When Nintendo’s executives decided to expand to the American market, it considered partnering with Atari for its first console, and releasing it with the Atari brand. The deal fell through, and the Nintendo Advanced Video Gaming System project was stripped of its keyboard and tape-storage, redesigned, and released as the Nintendo Entertainment System.

10. Clean out your desk, Bill.

In a million dollar deal, Atari contracted a company called Microsoft to port the BASIC programming language to the Atari 800. A young developer named Bill Gates was responsible for the project. One year later, the software had yet to be completed, and Alan Miller, an Atari game designer and programmer, took over the project. This very likely makes him the only person to have fired Bill Gates.

Special thanks to Dr. Tim McGuinness for his contribution to this article.

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technology
Trash Talk: 7 Ways to Recycle Your Tech Gadgets
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Our tech gadgets’ lifespans are short. New smartphone models come out at least once a year, and it’s easy to want the latest and greatest computer, gaming console, or 4K TV—without considering what happens to our used devices.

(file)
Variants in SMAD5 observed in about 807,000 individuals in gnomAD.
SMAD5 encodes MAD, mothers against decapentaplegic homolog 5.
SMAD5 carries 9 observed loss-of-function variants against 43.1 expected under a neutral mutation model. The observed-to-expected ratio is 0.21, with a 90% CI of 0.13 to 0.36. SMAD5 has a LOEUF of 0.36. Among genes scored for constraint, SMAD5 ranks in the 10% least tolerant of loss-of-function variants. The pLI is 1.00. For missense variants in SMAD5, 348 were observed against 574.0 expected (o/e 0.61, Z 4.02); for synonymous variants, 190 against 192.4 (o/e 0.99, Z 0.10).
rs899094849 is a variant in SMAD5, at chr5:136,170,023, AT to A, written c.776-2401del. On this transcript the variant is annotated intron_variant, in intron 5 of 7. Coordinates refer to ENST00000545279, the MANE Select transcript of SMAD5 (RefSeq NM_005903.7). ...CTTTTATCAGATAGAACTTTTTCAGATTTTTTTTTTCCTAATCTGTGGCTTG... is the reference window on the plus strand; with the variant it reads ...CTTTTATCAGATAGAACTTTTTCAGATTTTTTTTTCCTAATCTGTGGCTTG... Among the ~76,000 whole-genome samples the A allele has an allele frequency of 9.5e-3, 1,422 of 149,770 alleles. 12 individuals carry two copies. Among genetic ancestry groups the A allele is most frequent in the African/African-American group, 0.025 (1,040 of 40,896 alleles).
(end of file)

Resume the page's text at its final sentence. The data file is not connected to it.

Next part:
The Environmental Protection Agency estimates that Americans generated nearly 3.4 million tons of consumer electronics waste in 2014 [PDF] and that only around 40 percent of that waste was recycled—the rest went to landfills or incinerators. The U.S. is also a top destination for e-waste from other countries [PDF]—and in turn, we export much of our e-waste to places like China and India. However, more manufacturers and recycling companies are now taking steps to ensure the e-waste they collect is handled responsibly.

To do your part, don’t simply dump the old model in the trash—use one of these methods to resell or recycle.

1. DROP IT OFF AT A RETAIL STORE.

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Home and office suppliers often have in-store recycling programs that offer cash back or trade-in options. For instance, Best Buy accepts everything from appliances to car GPS units. (Not all products are accepted, though, so check before you go.) Staples offers trades on phones and tablets and will also take most other electronics, from fax machines to shredders, for recycling. Take your rechargeable batteries and cell phones to Lowes.

2. HOST AN ELECTRONICS DRIVE.

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Work with your employer or a group to put on a tech recycling event. It’s easy enough for people to bring in old TVs, audio equipment, and laptops. Then, you can collect all the items over the course of a few days or weeks and recycle them in bulk with a local organization. A good place to start: the EPA's list of certified electronics recyclers.